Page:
Responding for the first time since Rex Ryan appeared to take a shot at him by saying he gets more help from his coaches than Peyton Manning, quarterback Tom Brady on Monday morning said he agreed with the Jets coach's assessment that tutelage from Bill Belichick and the Patriots staff was a big part of his preparation.
"I get a ton of help from our coaches," Brady said during his weekly appearance on Boston sports radio station WEEI. "Of course we do. I think we have the best coach in the history of football. We have a great offensive staff, a great defensive staff that get all the players prepared.
"Coach talks about being a tough, physical football team that plays well under pressure. Part of us being smart and prepared is our coaches doing their homework. We use whatever we can to get ready to play. The guys that are on this team certainly buy into what our coaches teach us. Coach comes in every Wednesday morning -- it'll be Tuesday morning this week -- and says: 'These are the things we need to do to win' and he's right damn near 100 percent of the time."
Brady also reflected on his relationship with Belichick after seeing the Broadway show "Lombardi" on Saturday night. He sees a lot of similarities between his coach and legendary Packers coach Vince Lombardi.
"I think there's a lot of history that Coach Belichick talks about with us ... to see the different way that the players really interacted with their coach and then reflecting on my relationship with [Belichick], there's a lot of similarities between the coaches," Brady said on WEEI. "They demand the best from their players. They don't give a damn who you are or what you've done. They care about what you're going to do this week.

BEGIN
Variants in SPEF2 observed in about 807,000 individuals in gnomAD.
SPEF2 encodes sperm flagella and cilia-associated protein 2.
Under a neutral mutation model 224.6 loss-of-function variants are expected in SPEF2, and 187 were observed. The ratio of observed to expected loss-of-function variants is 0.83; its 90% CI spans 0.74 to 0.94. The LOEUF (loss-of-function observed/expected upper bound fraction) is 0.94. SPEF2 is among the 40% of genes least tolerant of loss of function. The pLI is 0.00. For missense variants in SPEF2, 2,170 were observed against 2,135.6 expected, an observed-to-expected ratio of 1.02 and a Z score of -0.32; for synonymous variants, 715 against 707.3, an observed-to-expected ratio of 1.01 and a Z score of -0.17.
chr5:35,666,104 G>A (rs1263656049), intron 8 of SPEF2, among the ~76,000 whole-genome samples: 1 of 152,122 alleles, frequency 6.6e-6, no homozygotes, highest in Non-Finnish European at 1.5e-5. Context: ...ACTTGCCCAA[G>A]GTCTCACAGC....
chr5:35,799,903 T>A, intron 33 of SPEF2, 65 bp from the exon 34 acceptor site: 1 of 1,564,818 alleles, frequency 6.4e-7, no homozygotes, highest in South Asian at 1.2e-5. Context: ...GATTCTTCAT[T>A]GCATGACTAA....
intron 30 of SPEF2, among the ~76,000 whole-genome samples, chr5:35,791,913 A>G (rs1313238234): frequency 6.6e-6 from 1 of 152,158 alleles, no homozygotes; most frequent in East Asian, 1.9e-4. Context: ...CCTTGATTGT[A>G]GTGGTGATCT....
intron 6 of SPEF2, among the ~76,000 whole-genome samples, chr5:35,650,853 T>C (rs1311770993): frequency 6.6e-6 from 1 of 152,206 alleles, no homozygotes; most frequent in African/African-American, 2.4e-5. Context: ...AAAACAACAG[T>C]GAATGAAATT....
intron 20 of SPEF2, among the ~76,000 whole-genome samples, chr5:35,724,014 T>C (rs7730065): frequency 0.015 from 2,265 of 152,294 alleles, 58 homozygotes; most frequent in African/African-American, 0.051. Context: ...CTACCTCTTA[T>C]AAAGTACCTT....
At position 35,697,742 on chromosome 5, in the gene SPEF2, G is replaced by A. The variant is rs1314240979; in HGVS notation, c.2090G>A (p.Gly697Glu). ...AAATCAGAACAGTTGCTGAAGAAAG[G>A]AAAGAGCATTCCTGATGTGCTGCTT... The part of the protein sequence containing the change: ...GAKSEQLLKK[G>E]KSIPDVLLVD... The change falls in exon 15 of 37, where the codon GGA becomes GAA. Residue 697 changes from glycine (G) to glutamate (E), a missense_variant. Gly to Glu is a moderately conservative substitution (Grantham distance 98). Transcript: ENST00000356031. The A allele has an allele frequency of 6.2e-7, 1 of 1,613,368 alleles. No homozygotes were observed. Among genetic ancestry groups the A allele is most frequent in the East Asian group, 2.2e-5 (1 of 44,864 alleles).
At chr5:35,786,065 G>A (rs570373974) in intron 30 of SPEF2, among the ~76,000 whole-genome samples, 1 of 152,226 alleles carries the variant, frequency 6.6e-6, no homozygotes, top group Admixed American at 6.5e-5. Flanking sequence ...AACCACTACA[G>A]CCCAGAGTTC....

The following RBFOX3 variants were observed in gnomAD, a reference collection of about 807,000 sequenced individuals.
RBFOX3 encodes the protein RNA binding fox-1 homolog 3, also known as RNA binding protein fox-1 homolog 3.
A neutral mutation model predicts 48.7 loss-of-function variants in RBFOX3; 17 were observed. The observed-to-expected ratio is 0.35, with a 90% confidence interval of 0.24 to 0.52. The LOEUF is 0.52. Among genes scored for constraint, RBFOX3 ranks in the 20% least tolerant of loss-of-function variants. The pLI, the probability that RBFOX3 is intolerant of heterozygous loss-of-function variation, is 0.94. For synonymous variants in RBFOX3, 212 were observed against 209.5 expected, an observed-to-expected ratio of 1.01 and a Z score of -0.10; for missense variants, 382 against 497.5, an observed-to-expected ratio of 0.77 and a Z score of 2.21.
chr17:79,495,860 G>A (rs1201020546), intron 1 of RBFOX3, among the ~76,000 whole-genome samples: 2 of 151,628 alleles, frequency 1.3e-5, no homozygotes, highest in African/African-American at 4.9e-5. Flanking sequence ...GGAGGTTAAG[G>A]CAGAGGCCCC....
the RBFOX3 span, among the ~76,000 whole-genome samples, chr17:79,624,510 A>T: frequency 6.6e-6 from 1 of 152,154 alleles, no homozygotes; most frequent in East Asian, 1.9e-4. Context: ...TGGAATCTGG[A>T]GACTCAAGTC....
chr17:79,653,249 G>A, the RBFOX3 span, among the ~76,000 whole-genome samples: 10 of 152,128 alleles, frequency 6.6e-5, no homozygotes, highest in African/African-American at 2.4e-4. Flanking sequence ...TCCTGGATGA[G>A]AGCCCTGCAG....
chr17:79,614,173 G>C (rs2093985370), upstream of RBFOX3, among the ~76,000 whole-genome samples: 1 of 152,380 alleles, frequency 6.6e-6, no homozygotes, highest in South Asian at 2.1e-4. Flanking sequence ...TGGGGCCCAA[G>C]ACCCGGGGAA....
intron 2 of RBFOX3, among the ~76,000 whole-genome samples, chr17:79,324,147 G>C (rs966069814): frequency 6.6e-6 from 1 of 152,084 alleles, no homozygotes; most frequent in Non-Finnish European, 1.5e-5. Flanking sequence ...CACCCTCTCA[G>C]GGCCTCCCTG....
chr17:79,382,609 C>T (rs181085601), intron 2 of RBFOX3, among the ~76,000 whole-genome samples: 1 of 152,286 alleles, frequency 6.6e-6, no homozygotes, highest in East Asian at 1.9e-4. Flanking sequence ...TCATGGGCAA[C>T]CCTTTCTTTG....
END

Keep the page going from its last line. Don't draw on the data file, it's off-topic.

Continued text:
"I think that's why Coach Belichick has been so successful. He never takes his foot off the gas pedal. There's no sugarcoating anything. It's 'This is what we need to do and this is how you're going to do it, and if we don't do it we're going to lose,' and that's how he coaches us."
Brady also gave a glimpse at a side of Belichick the public rarely sees.
"He's so much fun to be around," Brady said. "He's got such a great memory. He's got so many great stories, so many experiences with players and coaches and games. He just loves football. ... That's why I enjoy being around him. ... Coach Belichick, he loves coaching, he loves this team, he loves this organization, he loves winning. There's not much more you can say about a coach than that."
Brady offered an explanation for why he was at "Lombardi" instead of watching the Jets beat the Colts, something the New York media has had some fun with at his expense. He offered a simple explanation Monday.
"I get very anxious watching those games," said Brady, who said he was checking his BlackBerry for score updates during the show and was talked into watching the second half by his friends. "I was watching the second half and I was actually kind of pissed that I watched it because I didn't go to sleep until 3 in the morning. You just get riled up as I watch and then I start rooting for a team to win, and that's not really what I want to be doing."
As for Sunday's AFC divisional playoff game against the Jets, Brady expects plenty of hype, but said none of the talk will affect what happens on the field.
"We're all at the point this year where we're motivated by much more than what someone may say about us," Brady said. "We're motivated by the fact that we have a great opportunity to be playing a division rival at home in the most important game of the year. That's plenty of motivation for us.
"We're going to let our play do the talking as we always do. There's going to be a lot of hype and buildup and people saying things. The reality is none of it matters. What matters is that whistle is going to blow at 4:30 on Sunday night and the team that executes the best and is the most prepared is the team that's going to win."